Prepare a picture of/book about/a toy camel in advance, as well as a sample of hair
Say: Look at this animal. (Show a picture of a camel.) This is a mammal.
Remember, to be classified as a mammal, an animal should have hair or fur, mammary glands (mammal mothers nurse their young with milk), lungs and need air to breathe. Mammals that live on land are warm blooded, have 4 legs and ears that stick out.
(Point to the camel) Say: A camel is an even-toed ungulate within the genus Camelus, bearing distinctive fatty deposits known as "humps" on its back. There are 2 types of camel: Dromedary, which has one hump, and Bactrian, which has two humps. Both types can be domesticated. They are specially adapted to the life in desert. (approach the sample of hair to the baby and let him touch it) Say: Camels have a thick coat of hair that protects them from the sun. Their eyes have three eyelids and two rows of eyelashes that prevent sand to enter their eyes. Camel's ears are furry. Hairs keep the sand and dust away from their ears. Besides ears and eyes, their nostrils prevent the sand from entering by closing in between two breaths. Camel can move easily across the sand because of its specially designed feet. Camel's foot consists of two toes that spread when animal touches the ground and prevents sinking in the sand
Go back to the picture of the camel. Say: let’s find camel’s body parts. This is its head, eyes, nose, mouth, body, legs: 1,2,3,4; tail, and this is its hump. Camels' humps consist of stored fat, which they can metabolize when food and water is scarce.
Camels can make a lot of noise. They can moan, groan, bleat, bellow and roar. They also make a rumbling growl. (Let´s make all these noises that camel makes!) Many people still depend on these “ships of the desert” for transportation. They can carry over 200 pounds for 20 miles in the hot desert heat.
Camels are living things and need energy to survive.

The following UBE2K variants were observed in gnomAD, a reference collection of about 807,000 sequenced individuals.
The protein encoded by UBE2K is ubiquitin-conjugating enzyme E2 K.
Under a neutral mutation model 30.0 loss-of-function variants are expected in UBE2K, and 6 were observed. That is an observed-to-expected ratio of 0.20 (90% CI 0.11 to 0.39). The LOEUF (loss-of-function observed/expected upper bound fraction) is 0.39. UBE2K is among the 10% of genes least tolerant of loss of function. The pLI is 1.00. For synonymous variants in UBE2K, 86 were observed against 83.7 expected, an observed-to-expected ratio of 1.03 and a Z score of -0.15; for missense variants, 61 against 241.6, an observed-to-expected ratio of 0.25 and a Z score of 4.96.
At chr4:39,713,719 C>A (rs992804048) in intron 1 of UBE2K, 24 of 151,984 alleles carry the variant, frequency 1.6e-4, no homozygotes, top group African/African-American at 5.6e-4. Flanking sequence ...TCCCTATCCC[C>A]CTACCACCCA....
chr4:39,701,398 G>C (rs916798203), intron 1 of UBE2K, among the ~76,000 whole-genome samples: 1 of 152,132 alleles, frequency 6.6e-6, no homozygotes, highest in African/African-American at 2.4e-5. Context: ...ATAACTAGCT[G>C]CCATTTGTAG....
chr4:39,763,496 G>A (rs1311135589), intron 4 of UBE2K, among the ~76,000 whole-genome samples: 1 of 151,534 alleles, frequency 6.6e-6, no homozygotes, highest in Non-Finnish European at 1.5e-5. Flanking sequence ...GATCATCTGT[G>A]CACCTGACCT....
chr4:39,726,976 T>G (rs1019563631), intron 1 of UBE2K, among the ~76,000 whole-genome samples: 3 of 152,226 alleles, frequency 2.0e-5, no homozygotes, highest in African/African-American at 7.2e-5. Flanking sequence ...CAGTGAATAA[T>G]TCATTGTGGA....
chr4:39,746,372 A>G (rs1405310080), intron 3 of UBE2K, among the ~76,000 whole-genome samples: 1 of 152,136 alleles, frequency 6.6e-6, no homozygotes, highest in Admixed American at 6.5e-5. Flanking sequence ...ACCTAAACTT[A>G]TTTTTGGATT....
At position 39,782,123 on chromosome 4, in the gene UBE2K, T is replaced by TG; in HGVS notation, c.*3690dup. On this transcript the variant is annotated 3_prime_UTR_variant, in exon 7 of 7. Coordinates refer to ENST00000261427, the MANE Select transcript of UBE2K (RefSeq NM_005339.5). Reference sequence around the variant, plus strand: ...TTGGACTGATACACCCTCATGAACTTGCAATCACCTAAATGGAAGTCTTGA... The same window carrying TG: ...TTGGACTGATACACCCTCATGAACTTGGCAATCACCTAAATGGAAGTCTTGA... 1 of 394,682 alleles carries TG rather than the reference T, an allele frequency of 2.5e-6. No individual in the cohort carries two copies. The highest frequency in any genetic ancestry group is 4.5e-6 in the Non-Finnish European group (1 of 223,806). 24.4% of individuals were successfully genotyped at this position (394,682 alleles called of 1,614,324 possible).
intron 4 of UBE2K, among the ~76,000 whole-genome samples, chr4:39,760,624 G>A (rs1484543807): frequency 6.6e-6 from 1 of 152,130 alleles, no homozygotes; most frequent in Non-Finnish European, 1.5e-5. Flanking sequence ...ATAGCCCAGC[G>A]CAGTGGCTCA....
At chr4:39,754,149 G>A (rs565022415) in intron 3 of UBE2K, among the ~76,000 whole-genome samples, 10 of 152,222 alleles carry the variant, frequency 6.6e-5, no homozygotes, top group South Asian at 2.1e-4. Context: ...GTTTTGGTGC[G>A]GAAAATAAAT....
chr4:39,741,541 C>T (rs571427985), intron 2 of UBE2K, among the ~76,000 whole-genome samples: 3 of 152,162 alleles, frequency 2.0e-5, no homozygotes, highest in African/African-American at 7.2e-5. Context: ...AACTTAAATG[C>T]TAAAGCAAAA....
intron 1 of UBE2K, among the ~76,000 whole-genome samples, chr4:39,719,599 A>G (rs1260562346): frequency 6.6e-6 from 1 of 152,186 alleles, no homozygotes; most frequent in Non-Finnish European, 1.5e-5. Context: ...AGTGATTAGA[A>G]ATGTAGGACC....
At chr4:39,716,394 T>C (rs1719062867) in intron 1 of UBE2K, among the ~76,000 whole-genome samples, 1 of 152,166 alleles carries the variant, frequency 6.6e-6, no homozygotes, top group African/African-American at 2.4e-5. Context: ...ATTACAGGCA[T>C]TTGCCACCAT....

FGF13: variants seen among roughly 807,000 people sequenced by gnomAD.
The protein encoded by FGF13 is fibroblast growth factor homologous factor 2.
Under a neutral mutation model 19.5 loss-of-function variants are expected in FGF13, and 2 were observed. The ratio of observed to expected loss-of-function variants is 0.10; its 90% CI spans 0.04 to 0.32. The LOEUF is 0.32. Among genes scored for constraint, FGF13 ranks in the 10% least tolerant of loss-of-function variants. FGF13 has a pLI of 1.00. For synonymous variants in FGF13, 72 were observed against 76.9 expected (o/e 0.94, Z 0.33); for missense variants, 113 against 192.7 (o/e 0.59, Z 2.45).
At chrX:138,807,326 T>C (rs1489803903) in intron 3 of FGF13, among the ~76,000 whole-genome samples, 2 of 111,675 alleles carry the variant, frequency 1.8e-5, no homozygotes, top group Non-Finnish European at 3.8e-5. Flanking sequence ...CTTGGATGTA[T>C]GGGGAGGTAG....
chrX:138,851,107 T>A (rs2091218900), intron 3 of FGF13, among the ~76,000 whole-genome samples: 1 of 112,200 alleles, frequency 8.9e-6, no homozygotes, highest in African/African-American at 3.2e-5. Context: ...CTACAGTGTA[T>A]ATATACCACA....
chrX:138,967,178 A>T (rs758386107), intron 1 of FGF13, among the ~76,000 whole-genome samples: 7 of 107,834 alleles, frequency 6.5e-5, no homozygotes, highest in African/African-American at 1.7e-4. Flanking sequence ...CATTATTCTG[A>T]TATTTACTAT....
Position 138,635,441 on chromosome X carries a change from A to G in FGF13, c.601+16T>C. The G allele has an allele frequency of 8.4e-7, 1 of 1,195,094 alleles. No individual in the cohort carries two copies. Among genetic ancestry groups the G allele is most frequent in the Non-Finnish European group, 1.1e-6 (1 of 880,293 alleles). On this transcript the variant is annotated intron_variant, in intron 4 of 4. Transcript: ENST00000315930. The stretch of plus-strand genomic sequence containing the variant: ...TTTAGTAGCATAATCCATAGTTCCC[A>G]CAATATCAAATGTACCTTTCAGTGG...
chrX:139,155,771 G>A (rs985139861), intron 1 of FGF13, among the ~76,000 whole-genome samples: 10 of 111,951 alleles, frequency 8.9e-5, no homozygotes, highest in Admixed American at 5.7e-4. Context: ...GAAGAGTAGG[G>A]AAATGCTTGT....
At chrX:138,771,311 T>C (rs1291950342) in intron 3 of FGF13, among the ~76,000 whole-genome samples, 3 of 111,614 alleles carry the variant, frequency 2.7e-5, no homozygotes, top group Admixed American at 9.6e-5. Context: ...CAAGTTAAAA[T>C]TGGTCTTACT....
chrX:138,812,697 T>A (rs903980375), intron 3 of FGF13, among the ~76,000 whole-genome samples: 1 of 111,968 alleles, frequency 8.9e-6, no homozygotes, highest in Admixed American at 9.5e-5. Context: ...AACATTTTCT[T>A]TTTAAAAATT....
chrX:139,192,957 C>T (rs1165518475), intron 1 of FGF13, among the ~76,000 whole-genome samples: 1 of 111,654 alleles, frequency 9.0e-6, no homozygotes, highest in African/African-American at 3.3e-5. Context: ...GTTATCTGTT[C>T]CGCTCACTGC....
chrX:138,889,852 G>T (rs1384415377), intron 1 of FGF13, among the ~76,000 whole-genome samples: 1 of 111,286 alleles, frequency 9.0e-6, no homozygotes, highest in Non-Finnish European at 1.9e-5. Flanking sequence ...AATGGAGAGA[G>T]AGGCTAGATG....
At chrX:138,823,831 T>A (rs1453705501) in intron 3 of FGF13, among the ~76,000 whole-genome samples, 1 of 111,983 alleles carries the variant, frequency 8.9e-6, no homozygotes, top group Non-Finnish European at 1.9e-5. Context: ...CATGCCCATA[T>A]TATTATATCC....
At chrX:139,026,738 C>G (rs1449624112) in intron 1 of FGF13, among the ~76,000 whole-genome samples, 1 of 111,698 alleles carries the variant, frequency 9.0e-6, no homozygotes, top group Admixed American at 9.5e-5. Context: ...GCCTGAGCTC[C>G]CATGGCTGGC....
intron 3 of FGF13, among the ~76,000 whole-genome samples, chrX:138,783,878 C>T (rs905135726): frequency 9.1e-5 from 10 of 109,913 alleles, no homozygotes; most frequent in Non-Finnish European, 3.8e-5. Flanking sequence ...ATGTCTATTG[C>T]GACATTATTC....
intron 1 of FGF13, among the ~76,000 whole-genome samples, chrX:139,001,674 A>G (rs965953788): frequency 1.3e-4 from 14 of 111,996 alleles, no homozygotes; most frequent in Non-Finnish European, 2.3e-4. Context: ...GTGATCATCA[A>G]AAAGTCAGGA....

Camels are herbivores; they eat only herb like food. In the desert, people feed camels with grass, grains, wheat and oats. When camels are travelling in the desert, food is often very hard to find. So the animal might have to live on dried leaves, seeds, and thorny twigs (without hurting their mouths). If there is not any regular food, camels will eat anything: leather, even their owner's tent. In Arab cultures the camel symbolizes patience, tolerance and endurance. Camel milk is an important food of the desert nomadic tribes. A camel can provide a large amount of meat for these people also. A mother camel gives birth in 12 – 14 months to one calf. Calves are born without humps, and most often pure white in color. They are however able to run within hours of birth. They call to their mothers with a lamb-like “baa” sound.( come on, baby, let´s Baa like a calf.) Mother and child camel pairings are extremely close, staying together for several years. Nearly all of the world's camels are domestic animals. They are found in northern Africa and southwestern Asia, and have been introduced to Australia. Humans have used camels for their wool, milk, meat, leather, and even dung that can be used for fuel. We need to take care of Macaws and treat them with respect because they are living things just like us, people
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